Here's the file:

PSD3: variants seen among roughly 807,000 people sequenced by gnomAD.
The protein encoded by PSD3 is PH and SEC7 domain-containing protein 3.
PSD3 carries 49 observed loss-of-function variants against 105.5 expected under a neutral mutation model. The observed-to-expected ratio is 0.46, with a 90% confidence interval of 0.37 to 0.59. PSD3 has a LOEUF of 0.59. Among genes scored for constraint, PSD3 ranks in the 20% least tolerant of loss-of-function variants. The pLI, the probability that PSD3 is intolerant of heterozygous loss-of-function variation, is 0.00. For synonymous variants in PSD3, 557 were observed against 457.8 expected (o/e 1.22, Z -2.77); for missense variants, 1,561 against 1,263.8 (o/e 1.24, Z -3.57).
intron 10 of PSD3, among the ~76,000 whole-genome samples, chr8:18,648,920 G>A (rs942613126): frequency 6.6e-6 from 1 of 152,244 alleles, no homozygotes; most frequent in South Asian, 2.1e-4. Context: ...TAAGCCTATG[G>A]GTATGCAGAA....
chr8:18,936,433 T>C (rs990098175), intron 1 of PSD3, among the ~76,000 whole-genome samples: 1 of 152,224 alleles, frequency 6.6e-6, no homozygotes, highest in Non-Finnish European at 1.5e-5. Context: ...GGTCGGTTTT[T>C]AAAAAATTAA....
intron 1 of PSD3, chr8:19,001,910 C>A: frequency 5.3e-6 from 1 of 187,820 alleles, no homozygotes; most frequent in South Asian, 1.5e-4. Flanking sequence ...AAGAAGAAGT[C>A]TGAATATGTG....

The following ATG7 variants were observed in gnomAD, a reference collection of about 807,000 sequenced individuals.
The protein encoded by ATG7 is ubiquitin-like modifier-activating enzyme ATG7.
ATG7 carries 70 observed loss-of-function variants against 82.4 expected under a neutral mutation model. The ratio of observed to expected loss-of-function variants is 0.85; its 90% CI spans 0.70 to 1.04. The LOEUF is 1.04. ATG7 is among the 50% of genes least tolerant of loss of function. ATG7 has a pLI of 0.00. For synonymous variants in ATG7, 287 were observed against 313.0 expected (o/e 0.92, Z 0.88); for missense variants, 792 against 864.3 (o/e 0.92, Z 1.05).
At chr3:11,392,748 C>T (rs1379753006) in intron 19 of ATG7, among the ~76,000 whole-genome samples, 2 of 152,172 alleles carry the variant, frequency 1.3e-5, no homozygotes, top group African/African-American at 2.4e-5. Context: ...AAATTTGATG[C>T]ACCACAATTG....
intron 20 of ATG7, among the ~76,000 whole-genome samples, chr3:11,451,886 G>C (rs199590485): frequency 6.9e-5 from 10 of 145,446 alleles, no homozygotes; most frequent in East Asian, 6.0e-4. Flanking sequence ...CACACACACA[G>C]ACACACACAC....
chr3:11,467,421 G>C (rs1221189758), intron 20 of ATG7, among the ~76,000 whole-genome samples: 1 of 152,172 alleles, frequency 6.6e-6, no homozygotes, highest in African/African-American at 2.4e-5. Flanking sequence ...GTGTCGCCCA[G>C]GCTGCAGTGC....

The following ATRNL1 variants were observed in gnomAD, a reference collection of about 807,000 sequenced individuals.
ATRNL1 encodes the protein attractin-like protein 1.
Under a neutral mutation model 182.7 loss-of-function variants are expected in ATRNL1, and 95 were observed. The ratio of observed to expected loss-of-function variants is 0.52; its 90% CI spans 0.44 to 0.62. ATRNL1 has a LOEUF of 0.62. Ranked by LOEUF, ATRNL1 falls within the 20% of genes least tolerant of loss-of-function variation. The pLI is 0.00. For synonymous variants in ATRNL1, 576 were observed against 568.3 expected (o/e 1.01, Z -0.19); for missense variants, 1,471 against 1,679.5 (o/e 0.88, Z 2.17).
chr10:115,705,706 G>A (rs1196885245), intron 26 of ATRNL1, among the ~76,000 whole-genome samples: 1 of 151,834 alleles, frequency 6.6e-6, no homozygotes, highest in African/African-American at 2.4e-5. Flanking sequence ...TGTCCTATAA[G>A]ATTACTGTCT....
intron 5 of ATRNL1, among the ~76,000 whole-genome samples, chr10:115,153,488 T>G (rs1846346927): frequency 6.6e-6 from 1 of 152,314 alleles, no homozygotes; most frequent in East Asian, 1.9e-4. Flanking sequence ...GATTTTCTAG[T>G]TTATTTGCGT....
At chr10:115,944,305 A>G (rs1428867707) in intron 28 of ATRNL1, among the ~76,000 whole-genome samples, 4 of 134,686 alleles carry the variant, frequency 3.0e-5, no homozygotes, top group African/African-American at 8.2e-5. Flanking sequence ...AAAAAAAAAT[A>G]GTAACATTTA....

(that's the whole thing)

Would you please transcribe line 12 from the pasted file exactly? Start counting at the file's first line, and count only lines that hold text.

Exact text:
chr3:11,467,421 G>C (rs1221189758), intron 20 of ATG7, among the ~76,000 whole-genome samples: 1 of 152,172 alleles, frequency 6.6e-6, no homozygotes, highest in African/African-American at 2.4e-5. Flanking sequence ...GTGTCGCCCA[G>C]GCTGCAGTGC....